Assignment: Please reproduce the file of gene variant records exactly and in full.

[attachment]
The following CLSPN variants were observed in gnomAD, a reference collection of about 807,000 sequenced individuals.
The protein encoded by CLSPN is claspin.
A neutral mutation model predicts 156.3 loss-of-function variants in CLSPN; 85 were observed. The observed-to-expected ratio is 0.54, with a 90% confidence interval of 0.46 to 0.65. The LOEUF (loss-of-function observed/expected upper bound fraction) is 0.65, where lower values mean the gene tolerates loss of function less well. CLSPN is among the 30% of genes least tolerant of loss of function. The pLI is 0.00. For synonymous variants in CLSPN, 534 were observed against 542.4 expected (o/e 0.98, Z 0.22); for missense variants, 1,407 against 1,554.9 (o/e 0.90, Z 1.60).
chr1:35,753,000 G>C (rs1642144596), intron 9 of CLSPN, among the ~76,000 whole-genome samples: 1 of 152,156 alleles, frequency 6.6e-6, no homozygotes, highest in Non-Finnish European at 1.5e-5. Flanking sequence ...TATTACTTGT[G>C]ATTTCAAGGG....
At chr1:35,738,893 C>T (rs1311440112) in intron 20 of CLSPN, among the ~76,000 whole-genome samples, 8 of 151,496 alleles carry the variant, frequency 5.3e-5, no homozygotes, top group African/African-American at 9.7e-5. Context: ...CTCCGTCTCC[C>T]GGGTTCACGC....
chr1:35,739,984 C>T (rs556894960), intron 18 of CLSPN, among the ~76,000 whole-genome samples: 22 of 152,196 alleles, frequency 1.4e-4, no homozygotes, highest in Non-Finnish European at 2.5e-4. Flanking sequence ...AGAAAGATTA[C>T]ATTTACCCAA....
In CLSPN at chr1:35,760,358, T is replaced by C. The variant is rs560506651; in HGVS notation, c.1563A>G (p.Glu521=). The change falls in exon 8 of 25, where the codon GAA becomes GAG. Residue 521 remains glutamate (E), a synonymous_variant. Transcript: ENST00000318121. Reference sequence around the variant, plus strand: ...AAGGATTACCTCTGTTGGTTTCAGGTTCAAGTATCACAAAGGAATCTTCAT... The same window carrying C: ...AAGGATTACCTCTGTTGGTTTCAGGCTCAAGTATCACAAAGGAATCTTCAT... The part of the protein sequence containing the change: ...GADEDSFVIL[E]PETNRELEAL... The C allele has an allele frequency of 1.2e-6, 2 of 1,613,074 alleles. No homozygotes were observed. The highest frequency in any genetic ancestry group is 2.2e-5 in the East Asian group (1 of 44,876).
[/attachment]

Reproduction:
The following CLSPN variants were observed in gnomAD, a reference collection of about 807,000 sequenced individuals.
The protein encoded by CLSPN is claspin.
A neutral mutation model predicts 156.3 loss-of-function variants in CLSPN; 85 were observed. The observed-to-expected ratio is 0.54, with a 90% confidence interval of 0.46 to 0.65. The LOEUF (loss-of-function observed/expected upper bound fraction) is 0.65, where lower values mean the gene tolerates loss of function less well. CLSPN is among the 30% of genes least tolerant of loss of function. The pLI is 0.00. For synonymous variants in CLSPN, 534 were observed against 542.4 expected (o/e 0.98, Z 0.22); for missense variants, 1,407 against 1,554.9 (o/e 0.90, Z 1.60).
chr1:35,753,000 G>C (rs1642144596), intron 9 of CLSPN, among the ~76,000 whole-genome samples: 1 of 152,156 alleles, frequency 6.6e-6, no homozygotes, highest in Non-Finnish European at 1.5e-5. Flanking sequence ...TATTACTTGT[G>C]ATTTCAAGGG....
At chr1:35,738,893 C>T (rs1311440112) in intron 20 of CLSPN, among the ~76,000 whole-genome samples, 8 of 151,496 alleles carry the variant, frequency 5.3e-5, no homozygotes, top group African/African-American at 9.7e-5. Context: ...CTCCGTCTCC[C>T]GGGTTCACGC....
chr1:35,739,984 C>T (rs556894960), intron 18 of CLSPN, among the ~76,000 whole-genome samples: 22 of 152,196 alleles, frequency 1.4e-4, no homozygotes, highest in Non-Finnish European at 2.5e-4. Flanking sequence ...AGAAAGATTA[C>T]ATTTACCCAA....
In CLSPN at chr1:35,760,358, T is replaced by C. The variant is rs560506651; in HGVS notation, c.1563A>G (p.Glu521=). The change falls in exon 8 of 25, where the codon GAA becomes GAG. Residue 521 remains glutamate (E), a synonymous_variant. Transcript: ENST00000318121. Reference sequence around the variant, plus strand: ...AAGGATTACCTCTGTTGGTTTCAGGTTCAAGTATCACAAAGGAATCTTCAT... The same window carrying C: ...AAGGATTACCTCTGTTGGTTTCAGGCTCAAGTATCACAAAGGAATCTTCAT... The part of the protein sequence containing the change: ...GADEDSFVIL[E]PETNRELEAL... The C allele has an allele frequency of 1.2e-6, 2 of 1,613,074 alleles. No homozygotes were observed. The highest frequency in any genetic ancestry group is 2.2e-5 in the East Asian group (1 of 44,876).